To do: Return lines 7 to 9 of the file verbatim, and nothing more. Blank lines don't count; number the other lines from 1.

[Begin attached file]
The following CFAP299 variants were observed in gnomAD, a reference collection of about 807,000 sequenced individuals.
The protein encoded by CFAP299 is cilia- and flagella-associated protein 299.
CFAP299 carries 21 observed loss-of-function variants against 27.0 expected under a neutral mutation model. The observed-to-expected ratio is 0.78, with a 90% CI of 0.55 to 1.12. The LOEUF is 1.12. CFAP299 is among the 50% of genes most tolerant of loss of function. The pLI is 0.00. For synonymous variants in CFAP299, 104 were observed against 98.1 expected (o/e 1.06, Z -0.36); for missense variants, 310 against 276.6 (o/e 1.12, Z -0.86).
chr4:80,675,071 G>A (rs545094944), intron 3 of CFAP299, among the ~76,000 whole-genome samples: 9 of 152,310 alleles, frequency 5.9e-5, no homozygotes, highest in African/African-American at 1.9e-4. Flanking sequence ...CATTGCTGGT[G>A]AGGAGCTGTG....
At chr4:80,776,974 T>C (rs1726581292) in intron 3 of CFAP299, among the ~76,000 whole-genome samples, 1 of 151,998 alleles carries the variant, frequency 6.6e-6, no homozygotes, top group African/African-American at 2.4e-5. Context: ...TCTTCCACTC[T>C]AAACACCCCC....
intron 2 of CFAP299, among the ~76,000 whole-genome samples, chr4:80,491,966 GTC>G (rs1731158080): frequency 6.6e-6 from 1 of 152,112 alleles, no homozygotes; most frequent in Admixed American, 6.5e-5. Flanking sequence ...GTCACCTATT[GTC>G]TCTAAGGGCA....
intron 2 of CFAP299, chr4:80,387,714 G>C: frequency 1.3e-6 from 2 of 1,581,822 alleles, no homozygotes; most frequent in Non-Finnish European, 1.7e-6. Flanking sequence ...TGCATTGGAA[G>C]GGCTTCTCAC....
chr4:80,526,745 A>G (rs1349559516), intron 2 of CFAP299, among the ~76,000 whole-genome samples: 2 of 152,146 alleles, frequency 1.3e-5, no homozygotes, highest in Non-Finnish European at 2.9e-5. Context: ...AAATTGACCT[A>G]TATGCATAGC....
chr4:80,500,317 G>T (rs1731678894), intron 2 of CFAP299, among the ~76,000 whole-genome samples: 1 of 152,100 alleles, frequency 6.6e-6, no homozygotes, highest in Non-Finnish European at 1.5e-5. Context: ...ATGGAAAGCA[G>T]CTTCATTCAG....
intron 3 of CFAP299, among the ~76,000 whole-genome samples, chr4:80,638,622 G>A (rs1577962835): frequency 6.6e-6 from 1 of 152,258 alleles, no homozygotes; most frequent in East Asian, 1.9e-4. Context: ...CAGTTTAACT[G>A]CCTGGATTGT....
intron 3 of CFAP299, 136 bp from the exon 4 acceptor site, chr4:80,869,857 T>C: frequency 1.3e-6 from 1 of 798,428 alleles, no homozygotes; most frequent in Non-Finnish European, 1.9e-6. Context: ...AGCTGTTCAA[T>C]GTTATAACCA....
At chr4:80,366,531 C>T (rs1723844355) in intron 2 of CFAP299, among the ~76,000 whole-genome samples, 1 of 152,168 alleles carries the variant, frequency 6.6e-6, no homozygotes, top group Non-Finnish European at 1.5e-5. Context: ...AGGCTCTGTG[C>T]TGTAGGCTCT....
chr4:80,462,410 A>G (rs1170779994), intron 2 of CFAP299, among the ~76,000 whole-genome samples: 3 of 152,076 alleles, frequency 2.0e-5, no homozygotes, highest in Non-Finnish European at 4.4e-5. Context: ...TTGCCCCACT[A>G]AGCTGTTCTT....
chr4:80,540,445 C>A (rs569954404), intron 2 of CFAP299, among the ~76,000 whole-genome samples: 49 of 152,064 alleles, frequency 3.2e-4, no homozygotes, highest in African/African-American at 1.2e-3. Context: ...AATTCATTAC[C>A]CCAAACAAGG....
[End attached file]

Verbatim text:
intron 2 of CFAP299, chr4:80,387,714 G>C: frequency 1.3e-6 from 2 of 1,581,822 alleles, no homozygotes; most frequent in Non-Finnish European, 1.7e-6. Flanking sequence ...TGCATTGGAA[G>C]GGCTTCTCAC....
chr4:80,526,745 A>G (rs1349559516), intron 2 of CFAP299, among the ~76,000 whole-genome samples: 2 of 152,146 alleles, frequency 1.3e-5, no homozygotes, highest in Non-Finnish European at 2.9e-5. Context: ...AAATTGACCT[A>G]TATGCATAGC....
chr4:80,500,317 G>T (rs1731678894), intron 2 of CFAP299, among the ~76,000 whole-genome samples: 1 of 152,100 alleles, frequency 6.6e-6, no homozygotes, highest in Non-Finnish European at 1.5e-5. Context: ...ATGGAAAGCA[G>T]CTTCATTCAG....